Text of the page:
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PastMidnight
04-04-2008, 09:42 PM
I have a character who has been traveling on foot through central Germany for some days. It's early December. He's exhausted, hungry, dehydrated. It starts to rain and he pulls a blanket over his head and crawls under some branches to take shelter. He falls asleep. Does he suffer anything from the exposure to the cold? Any hypothermia or frostbite or anything else?

It doesn't matter to my story if he does, but I'm trying to think realistically. I want him to be asleep or otherwise out of it until a pair of kids begin poking him with sticks. At that point, I don't really care if he leaps up, refreshed from his nap, or passes out again. What physical effects would be realistic given my scenario?

Thank you in advance!!

StephanieFox
04-04-2008, 10:20 PM
Any hypothermia or frostbite or anything else?



Hmmm. Well, since it's raining and not snowing, he's not going to get frostbite, buy hypothermia is a real concern. Hypothermia can cause confusion; the body just kinda shuts down.

Tsu Dho Nimh
04-04-2008, 10:54 PM
I have a character who has been traveling on foot through central Germany for some days. It's early December. He's exhausted, hungry, dehydrated. It starts to rain and he pulls a blanket over his head and crawls under some branches to take shelter. He falls asleep. Does he suffer anything from the exposure to the cold? Any hypothermia or frostbite or anything else?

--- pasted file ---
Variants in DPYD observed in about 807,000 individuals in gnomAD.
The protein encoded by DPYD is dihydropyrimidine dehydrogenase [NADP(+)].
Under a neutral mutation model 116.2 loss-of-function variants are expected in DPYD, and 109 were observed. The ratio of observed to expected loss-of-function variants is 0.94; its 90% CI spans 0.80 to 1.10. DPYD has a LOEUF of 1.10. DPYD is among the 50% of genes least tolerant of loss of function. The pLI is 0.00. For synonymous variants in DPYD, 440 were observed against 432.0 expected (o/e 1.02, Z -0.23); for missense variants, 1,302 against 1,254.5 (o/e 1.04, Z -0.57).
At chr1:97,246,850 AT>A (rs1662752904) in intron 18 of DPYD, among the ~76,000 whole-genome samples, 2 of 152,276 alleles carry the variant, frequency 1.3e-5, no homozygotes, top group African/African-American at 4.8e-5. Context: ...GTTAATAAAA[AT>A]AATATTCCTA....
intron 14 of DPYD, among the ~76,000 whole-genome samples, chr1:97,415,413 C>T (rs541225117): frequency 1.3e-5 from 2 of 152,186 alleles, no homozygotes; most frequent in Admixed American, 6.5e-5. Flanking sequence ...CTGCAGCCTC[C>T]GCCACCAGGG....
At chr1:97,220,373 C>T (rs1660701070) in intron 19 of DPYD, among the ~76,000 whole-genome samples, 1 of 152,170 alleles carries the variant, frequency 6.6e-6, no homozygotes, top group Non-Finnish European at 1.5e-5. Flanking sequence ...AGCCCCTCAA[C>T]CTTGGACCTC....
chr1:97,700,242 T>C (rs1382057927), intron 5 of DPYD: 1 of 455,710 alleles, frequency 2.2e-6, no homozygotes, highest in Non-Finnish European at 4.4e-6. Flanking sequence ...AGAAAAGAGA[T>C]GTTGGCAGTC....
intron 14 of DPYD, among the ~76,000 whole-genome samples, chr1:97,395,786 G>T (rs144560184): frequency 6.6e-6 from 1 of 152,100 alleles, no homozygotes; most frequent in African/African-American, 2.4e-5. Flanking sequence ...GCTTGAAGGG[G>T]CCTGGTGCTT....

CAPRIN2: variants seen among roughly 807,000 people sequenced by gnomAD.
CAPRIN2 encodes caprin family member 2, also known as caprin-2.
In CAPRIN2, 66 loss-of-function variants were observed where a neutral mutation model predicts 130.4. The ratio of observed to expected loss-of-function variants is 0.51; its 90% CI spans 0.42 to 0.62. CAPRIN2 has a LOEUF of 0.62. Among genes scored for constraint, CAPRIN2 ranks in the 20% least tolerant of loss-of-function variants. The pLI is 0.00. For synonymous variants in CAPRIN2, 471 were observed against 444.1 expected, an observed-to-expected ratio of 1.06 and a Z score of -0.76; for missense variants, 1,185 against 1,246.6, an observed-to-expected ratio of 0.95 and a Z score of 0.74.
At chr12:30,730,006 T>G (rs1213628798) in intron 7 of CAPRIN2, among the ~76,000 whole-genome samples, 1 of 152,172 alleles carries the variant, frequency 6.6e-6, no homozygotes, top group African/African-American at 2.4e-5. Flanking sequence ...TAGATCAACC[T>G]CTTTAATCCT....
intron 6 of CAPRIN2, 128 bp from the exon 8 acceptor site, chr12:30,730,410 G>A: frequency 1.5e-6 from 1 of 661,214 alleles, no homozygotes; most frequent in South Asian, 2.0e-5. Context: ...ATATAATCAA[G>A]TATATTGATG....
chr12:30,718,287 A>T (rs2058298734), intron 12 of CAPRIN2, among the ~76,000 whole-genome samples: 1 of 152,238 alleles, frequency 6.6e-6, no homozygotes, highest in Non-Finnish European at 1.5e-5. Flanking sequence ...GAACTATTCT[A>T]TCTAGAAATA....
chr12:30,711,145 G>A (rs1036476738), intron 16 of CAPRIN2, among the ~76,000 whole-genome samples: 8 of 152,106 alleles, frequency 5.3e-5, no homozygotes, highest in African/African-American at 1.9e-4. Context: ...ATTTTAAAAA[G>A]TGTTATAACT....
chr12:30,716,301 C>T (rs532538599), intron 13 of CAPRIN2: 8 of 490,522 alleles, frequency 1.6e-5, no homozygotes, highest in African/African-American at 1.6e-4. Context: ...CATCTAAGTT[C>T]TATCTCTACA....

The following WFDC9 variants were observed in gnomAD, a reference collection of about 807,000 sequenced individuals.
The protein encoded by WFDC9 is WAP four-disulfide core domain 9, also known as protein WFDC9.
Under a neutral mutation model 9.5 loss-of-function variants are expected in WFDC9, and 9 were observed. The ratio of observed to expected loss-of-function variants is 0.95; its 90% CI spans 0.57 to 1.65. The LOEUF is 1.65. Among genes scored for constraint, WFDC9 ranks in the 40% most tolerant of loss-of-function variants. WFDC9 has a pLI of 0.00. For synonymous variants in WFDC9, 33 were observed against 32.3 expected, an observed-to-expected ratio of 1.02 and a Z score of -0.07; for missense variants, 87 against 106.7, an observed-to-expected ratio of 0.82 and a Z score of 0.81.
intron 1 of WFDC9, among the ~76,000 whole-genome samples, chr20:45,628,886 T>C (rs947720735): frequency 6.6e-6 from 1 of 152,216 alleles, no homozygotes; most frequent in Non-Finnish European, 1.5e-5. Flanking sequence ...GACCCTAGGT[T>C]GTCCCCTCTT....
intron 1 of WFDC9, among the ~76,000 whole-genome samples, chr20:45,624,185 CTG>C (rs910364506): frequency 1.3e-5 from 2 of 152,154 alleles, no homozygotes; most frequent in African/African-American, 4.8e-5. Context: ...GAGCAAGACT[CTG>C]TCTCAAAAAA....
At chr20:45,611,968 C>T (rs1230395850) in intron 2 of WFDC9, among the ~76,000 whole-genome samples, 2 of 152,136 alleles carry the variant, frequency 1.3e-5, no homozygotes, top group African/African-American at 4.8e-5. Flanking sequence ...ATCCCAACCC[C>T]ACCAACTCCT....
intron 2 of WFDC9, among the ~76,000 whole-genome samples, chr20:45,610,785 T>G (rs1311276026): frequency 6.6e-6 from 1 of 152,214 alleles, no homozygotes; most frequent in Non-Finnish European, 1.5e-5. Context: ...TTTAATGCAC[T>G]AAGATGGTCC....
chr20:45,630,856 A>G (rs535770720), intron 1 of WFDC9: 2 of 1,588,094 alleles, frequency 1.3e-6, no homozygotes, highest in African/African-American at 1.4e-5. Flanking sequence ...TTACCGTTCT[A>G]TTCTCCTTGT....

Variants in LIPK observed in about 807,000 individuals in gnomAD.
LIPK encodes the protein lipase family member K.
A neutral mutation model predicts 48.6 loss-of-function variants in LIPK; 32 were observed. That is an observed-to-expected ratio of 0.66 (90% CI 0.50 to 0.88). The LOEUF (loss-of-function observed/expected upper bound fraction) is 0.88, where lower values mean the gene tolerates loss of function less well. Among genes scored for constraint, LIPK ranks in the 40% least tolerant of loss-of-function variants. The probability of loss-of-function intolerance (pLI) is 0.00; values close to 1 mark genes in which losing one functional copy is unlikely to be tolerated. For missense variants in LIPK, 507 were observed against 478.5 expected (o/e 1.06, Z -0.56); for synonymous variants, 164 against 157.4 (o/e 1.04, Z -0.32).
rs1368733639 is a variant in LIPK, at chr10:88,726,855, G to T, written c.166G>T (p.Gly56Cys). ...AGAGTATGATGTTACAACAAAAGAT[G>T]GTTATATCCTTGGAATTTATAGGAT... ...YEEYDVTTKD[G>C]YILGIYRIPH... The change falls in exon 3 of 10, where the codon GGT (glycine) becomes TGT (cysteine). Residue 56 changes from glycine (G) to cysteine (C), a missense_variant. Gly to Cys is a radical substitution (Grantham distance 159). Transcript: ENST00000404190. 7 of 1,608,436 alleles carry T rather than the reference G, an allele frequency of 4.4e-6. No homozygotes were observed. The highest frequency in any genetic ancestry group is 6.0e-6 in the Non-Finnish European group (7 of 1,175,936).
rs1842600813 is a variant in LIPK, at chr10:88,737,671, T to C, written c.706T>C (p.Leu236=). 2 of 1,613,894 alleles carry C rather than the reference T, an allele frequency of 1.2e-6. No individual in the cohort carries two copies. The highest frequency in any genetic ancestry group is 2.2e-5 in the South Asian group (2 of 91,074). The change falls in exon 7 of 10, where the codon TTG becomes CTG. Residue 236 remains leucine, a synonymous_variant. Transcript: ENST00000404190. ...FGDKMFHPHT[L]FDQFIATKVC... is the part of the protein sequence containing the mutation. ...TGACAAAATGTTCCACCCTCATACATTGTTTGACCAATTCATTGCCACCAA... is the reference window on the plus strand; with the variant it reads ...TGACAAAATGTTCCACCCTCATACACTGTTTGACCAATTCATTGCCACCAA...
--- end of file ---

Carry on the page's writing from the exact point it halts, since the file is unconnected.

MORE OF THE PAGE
He's wet, he's out of energy, he's dehydrated. Even if he keeps walking, he's going into hypothermia. He could wake up very dead.


It doesn't matter to my story if he does, but I'm trying to think realistically. I want him to be asleep or otherwise out of it until a pair of kids begin poking him with sticks. At that point, I don't really care if he leaps up, refreshed from his nap, or passes out again. What physical effects would be realistic given my scenario?

They may think he's dead, then drunk. His extremities will be very cold. He will be very lethargic, unresponsive, and incoherent.

Revival - unless he gets warmth or energy from an external source, it isn't going to happen. He'll slide deeper into hypothermia.

They could give him something sweet to drink, call an ambulance or healer (whatever), haul him inside and put hot packs on him.

Sarpedon
04-04-2008, 11:32 PM
If its raining, why is he dehydrated? If I were dehydrated, and it started to rain, I'd drink the rain, not take a nap.

FinbarReilly
04-04-2008, 11:33 PM
Trick Question, folks; pay attention to the details.

1) Early December in Germany is just above freezing; it may not be incredibly warm, but it's just above the threshold of worry if you do it right.

2) The blanket would act as insulation, at least to some degree. More importantly, it would also act as layering, enabling the character to gain an actual heating effect. As long as the branches are reasonably dense (such as a fir trees, which are common in Germany, especially in the Black Forest) and the blanket isn't completely soaked